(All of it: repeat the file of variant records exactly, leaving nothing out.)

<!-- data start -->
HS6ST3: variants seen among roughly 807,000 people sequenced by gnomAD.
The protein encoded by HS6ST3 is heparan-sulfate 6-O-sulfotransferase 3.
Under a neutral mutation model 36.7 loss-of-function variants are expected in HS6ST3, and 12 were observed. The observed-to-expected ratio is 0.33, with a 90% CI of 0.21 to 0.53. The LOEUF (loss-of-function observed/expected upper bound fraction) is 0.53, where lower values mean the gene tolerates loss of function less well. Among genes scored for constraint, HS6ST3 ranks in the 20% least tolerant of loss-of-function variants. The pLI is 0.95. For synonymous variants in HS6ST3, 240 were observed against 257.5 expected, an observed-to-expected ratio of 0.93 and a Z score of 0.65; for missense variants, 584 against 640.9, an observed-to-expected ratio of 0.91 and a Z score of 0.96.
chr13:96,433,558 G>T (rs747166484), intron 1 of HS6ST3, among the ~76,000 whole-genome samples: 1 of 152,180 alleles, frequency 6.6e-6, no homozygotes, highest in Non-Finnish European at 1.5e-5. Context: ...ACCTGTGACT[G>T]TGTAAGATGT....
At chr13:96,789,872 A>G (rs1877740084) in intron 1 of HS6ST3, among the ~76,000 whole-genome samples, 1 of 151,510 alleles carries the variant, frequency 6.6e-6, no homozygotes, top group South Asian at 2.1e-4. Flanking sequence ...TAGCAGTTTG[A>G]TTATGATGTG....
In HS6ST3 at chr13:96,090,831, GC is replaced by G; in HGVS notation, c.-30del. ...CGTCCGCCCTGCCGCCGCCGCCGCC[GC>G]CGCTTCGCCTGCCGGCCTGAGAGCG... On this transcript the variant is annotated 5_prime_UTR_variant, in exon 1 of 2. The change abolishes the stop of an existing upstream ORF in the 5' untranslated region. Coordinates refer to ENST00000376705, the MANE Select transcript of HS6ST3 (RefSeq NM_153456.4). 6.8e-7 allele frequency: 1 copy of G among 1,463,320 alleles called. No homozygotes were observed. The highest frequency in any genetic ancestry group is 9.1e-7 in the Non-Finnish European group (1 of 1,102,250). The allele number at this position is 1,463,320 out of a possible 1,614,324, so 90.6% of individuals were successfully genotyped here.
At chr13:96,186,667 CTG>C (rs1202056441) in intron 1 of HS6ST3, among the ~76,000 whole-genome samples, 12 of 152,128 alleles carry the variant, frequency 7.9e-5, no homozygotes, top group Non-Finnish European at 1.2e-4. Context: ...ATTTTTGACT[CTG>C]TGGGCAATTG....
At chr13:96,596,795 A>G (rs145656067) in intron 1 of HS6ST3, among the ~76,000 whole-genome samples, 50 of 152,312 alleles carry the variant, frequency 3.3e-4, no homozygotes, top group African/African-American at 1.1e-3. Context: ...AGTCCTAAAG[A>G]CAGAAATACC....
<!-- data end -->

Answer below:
HS6ST3: variants seen among roughly 807,000 people sequenced by gnomAD.
The protein encoded by HS6ST3 is heparan-sulfate 6-O-sulfotransferase 3.
Under a neutral mutation model 36.7 loss-of-function variants are expected in HS6ST3, and 12 were observed. The observed-to-expected ratio is 0.33, with a 90% CI of 0.21 to 0.53. The LOEUF (loss-of-function observed/expected upper bound fraction) is 0.53, where lower values mean the gene tolerates loss of function less well. Among genes scored for constraint, HS6ST3 ranks in the 20% least tolerant of loss-of-function variants. The pLI is 0.95. For synonymous variants in HS6ST3, 240 were observed against 257.5 expected, an observed-to-expected ratio of 0.93 and a Z score of 0.65; for missense variants, 584 against 640.9, an observed-to-expected ratio of 0.91 and a Z score of 0.96.
chr13:96,433,558 G>T (rs747166484), intron 1 of HS6ST3, among the ~76,000 whole-genome samples: 1 of 152,180 alleles, frequency 6.6e-6, no homozygotes, highest in Non-Finnish European at 1.5e-5. Context: ...ACCTGTGACT[G>T]TGTAAGATGT....
At chr13:96,789,872 A>G (rs1877740084) in intron 1 of HS6ST3, among the ~76,000 whole-genome samples, 1 of 151,510 alleles carries the variant, frequency 6.6e-6, no homozygotes, top group South Asian at 2.1e-4. Flanking sequence ...TAGCAGTTTG[A>G]TTATGATGTG....
In HS6ST3 at chr13:96,090,831, GC is replaced by G; in HGVS notation, c.-30del. ...CGTCCGCCCTGCCGCCGCCGCCGCC[GC>G]CGCTTCGCCTGCCGGCCTGAGAGCG... On this transcript the variant is annotated 5_prime_UTR_variant, in exon 1 of 2. The change abolishes the stop of an existing upstream ORF in the 5' untranslated region. Coordinates refer to ENST00000376705, the MANE Select transcript of HS6ST3 (RefSeq NM_153456.4). 6.8e-7 allele frequency: 1 copy of G among 1,463,320 alleles called. No homozygotes were observed. The highest frequency in any genetic ancestry group is 9.1e-7 in the Non-Finnish European group (1 of 1,102,250). The allele number at this position is 1,463,320 out of a possible 1,614,324, so 90.6% of individuals were successfully genotyped here.
At chr13:96,186,667 CTG>C (rs1202056441) in intron 1 of HS6ST3, among the ~76,000 whole-genome samples, 12 of 152,128 alleles carry the variant, frequency 7.9e-5, no homozygotes, top group Non-Finnish European at 1.2e-4. Context: ...ATTTTTGACT[CTG>C]TGGGCAATTG....
At chr13:96,596,795 A>G (rs145656067) in intron 1 of HS6ST3, among the ~76,000 whole-genome samples, 50 of 152,312 alleles carry the variant, frequency 3.3e-4, no homozygotes, top group African/African-American at 1.1e-3. Context: ...AGTCCTAAAG[A>G]CAGAAATACC....